THE 30 SECOND CANDIDATE HISTORICAL TIMELINEFROM IDEA TO ADTRICKS OF THE TRADEQ_AND_ATHE TELEVISION PROGRAM
Wisconsin Public Television
     

   
 
While a few political ads adopt a documentary approach, most start with a script. The script is the initial effort to distill political concepts into an understandable, even dramatic, presentation.

 
 

Rosser Reeves, through his work on spot advertising, was well prepared for this distillation process. His secret was strict adherence to what he called the "Unique Selling Proposition." USP, as it was called, was a single quality of a product that let it stand out against competition. M&M's were unlike all those messy candies that would melt in your hands, for example.

Through repetition, the particular identified quality would stay in consumers' heads when it was time to buy. Reeves took this single-mindedness to the Eisenhower campaign. While he would have preferred just one theme to build the ads around, Reeves took the three concerns identified by Gallup (Korea, corruption, and cost of living) and wrote a series of scripts. None of the short spots would deal with more than one topic, each of them consisting of a single question asked of Eisenhower by a "typical" voter.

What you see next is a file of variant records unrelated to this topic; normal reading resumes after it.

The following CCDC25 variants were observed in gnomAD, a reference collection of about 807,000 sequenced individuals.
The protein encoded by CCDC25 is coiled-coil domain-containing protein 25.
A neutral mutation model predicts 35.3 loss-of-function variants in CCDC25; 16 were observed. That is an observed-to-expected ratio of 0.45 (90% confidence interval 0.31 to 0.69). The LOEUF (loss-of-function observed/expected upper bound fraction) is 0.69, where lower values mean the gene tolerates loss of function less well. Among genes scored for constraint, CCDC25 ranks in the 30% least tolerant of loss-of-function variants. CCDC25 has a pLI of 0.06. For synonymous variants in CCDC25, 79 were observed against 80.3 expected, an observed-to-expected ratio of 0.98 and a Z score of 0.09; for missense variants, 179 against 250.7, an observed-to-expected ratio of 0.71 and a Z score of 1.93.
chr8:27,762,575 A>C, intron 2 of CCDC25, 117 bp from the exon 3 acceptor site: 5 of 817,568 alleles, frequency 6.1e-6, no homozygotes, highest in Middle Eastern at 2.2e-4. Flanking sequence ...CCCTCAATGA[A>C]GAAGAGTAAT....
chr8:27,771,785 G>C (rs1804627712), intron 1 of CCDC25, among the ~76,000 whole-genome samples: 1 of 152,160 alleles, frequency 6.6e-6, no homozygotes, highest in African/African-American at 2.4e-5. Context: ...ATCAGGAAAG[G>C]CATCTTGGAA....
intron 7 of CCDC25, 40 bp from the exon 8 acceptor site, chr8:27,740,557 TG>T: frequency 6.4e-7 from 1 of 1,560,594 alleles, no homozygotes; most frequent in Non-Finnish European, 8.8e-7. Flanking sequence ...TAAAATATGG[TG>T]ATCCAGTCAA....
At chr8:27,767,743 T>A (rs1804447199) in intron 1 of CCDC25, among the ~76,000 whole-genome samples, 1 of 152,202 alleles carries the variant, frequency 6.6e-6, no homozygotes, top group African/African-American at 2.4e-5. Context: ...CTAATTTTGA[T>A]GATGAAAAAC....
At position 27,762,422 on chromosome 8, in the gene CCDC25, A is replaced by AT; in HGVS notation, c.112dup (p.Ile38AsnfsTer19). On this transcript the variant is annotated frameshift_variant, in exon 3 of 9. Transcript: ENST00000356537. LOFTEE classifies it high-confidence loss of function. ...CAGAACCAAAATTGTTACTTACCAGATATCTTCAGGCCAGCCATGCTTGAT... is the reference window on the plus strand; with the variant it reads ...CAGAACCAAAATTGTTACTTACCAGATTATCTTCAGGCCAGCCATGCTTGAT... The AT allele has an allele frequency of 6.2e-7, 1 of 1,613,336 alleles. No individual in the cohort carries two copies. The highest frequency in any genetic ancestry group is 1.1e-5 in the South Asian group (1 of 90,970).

The candidate's responses were culled carefully by Reeve's reading Eisenhower's many campaign speeches. So, in essence, the message of the candidate matches the rest of the campaign, but the spot presents that message in a simplified, memorable form.









     

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